Palm oil's success in penetrating the world market in a dominant way over the last three decades was due to its popularity for use in food and oleochemical sectors. Initially producers of competing oils felt threatened by the rapid advancement in the market share of palm oil. This resulted in deliberate campaigns mounted in the USA in the 1980s to discourage the importation of palm oil.
Health issues were used as a disguise to set up trade bariers linking palm oil to saturated fats as these fats were known to raise cholesterol levels. However, these claims were not supported by any well designed nutritional studies. On the contrary many comparative studies showed the neutral or lowering effects on cholesterol by a palm oil diet especially when compared to coconut oil or fats in the habitual western diet.
In other studies when the liquid olein of palm oil was compared with (liquid) olive oil or (liquid) canola oil, the cholesterol lowering results were similar.Similarly, blends of palm olein with soya and /or canola oil, had a beneficial effect of improving the ratio of good HDL (high-density lipoprotein)to bad LDL (low-density lipoprotein) cholesterol. Such findings have been patented and products made under such patents in the USA are allowed by the Foods and Drugs Authority(FDA) to carry the label "Patented blend to help improve your cholesterol ratio."
With the growing interest in the detrimental effects of trans fatty acids(TFA), studies comparing palm oil and TFA were conducted. It became clear that trans fatty acids have the dual negative effects of increasing the bad LDL cholesterol and reducing the good HDL cholesterol, while palm oil has the effect of raising the good cholesterol, and lowering or having a neutral effect (non significant increase) on the bad LDL cholesterol. This led experts to conclude that palm oil is a reasonable alternative to TFA especially when fat products are required for funtionality purposes.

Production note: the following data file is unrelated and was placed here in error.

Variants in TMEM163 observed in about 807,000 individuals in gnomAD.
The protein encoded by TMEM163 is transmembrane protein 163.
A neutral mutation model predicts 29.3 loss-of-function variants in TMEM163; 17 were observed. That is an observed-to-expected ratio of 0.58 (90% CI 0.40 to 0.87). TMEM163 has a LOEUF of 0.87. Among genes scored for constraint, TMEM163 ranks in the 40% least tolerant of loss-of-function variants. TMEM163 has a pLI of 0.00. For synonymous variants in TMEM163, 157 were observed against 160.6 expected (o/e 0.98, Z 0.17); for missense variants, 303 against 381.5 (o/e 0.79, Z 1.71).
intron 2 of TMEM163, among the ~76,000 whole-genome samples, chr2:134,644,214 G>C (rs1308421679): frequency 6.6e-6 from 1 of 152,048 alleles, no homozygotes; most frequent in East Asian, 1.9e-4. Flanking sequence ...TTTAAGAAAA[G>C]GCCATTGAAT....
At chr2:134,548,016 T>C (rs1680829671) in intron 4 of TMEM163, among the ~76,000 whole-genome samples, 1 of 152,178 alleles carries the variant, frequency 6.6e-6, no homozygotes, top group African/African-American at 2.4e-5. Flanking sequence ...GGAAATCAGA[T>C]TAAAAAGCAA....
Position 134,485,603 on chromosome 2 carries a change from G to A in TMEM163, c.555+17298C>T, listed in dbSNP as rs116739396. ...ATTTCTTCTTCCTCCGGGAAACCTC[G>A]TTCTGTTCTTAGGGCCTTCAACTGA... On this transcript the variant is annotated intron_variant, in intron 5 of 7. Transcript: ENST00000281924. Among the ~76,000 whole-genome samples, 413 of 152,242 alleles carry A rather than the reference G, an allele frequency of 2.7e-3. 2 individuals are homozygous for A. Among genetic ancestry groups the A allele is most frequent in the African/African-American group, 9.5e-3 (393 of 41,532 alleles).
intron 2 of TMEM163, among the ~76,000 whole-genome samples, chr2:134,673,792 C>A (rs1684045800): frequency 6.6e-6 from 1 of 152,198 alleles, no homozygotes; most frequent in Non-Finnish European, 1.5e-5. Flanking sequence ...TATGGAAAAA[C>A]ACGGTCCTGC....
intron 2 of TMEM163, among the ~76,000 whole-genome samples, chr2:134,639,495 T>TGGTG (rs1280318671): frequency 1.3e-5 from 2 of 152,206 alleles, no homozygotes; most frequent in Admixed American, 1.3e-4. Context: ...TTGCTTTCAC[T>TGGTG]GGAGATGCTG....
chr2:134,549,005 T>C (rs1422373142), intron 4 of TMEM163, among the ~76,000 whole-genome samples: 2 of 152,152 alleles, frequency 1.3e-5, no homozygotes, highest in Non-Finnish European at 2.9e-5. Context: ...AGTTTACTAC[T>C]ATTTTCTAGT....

Trans fats are produced by hydrogenating soft oils to make them solid for use in baking and margarines. Hydrogenation produces artificial TFA which cause the double negative effects on cholesterol levels. The health authorities in the USA are discouraging the consumption of TFA containing fats. TFA have been scientifically linked to the incidence of heart disease.
Based on these scientific studies, the entire anti palm oil campaign machinery in the USA did not succeed in dampening the palm oil demand because science was and continues to be on the side of palm oil.
There are those who will argue that the poly-unsaturated oils will reduce cholesterol more than palm oil. This question was actually investigated by comparing palm oil and corn oil against coconut oil as a positive control. The study revealed that palm oil raised the good HDL cholesterol and reduced the bad LDL cholesterol. Although corn oil reduced the bad LDL cholesterol more than palm oil but it also reduced the good HDL cholesterol when tested against the coconut oil control. This study clearly indicated that corn oil does not help improve the cholesterol ratio. These scientific results make it difficult for any expert to conclude that corn is better than palm oil or vice versa.
Numerous scientific studies showed that palm oil although having up to 50% saturated fatty acids does not behave as a saturated fat in that it does not raise cholesterol levels like saturates. Studies were conducted to help explain the "unexpected" non-cholesterol raising effects of palm oil. One study found that as long as there is a small percentage presence of unsaturates (as usually is the case in practice because the body receives blends of oils and fats), palm oil is non cholesterol raising in its behavior. Others postulate that palm oil molecules have unsaturated fatty acids occupying the middle position of the three glyceride carbon chain, and this unsaturation makes palm oil non cholesterol raising.
The beauty of science based studies is that the results are repeatable. References to these studies can be easily made available in case such experiments need to be repeated.
But this is not the case in the current practice of NGOs who offer their unsubstantiated opinions and provide only incomplete evidence relating to the environmental debate on palm oil. The anti-palm oil campaigns conducted by some so called environment friendly European NGOs failed to provide concrete proof on deforestation effects of palm oil. (Showing pictures of legal agricultural land under preparation for oil palm planting is no proof of deforestation).